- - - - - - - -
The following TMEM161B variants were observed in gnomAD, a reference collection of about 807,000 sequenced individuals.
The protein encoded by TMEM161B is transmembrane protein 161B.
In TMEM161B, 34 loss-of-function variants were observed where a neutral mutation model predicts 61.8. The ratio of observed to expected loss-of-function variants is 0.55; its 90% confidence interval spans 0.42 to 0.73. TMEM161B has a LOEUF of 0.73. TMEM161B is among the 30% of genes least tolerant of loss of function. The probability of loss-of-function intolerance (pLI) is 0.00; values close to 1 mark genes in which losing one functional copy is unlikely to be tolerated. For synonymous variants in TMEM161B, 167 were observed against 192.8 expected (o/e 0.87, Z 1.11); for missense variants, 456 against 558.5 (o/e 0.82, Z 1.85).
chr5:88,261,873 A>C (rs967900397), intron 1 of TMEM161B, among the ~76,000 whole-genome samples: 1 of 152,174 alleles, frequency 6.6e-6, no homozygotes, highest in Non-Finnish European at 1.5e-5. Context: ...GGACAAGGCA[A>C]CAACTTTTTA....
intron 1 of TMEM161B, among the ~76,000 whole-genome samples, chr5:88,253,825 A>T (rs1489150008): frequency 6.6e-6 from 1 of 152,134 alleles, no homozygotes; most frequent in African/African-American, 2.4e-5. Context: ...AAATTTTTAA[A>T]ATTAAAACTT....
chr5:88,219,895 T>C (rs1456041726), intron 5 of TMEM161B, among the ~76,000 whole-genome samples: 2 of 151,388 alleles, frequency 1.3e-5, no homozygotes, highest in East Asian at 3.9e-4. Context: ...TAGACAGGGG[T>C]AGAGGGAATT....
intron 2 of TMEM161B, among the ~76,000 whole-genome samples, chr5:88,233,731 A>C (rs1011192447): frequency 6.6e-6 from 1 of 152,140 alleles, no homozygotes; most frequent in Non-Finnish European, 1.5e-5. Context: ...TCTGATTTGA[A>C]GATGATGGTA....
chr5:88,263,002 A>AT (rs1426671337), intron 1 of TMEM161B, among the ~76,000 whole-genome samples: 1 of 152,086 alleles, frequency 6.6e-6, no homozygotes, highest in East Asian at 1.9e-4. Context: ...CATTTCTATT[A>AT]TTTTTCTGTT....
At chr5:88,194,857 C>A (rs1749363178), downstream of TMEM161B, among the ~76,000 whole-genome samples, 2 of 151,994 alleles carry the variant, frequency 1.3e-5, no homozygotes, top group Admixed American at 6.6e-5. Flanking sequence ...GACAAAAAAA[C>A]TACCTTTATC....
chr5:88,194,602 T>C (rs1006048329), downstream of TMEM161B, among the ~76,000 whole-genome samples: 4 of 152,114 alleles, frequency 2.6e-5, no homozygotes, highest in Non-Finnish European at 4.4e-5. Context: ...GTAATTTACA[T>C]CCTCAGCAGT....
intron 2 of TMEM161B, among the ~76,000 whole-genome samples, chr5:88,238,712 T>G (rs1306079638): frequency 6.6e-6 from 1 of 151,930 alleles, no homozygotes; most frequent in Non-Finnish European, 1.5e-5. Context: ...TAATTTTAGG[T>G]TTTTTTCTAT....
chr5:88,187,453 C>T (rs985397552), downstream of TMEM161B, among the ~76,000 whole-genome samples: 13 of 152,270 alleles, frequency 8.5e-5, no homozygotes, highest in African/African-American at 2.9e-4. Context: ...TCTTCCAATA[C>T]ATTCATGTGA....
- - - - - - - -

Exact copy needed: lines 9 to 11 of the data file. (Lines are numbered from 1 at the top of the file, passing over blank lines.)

At chr5:88,194,857 C>A (rs1749363178), downstream of TMEM161B, among the ~76,000 whole-genome samples, 2 of 151,994 alleles carry the variant, frequency 1.3e-5, no homozygotes, top group Admixed American at 6.6e-5. Flanking sequence ...GACAAAAAAA[C>A]TACCTTTATC....
chr5:88,194,602 T>C (rs1006048329), downstream of TMEM161B, among the ~76,000 whole-genome samples: 4 of 152,114 alleles, frequency 2.6e-5, no homozygotes, highest in Non-Finnish European at 4.4e-5. Context: ...GTAATTTACA[T>C]CCTCAGCAGT....
intron 2 of TMEM161B, among the ~76,000 whole-genome samples, chr5:88,238,712 T>G (rs1306079638): frequency 6.6e-6 from 1 of 151,930 alleles, no homozygotes; most frequent in Non-Finnish European, 1.5e-5. Context: ...TAATTTTAGG[T>G]TTTTTTCTAT....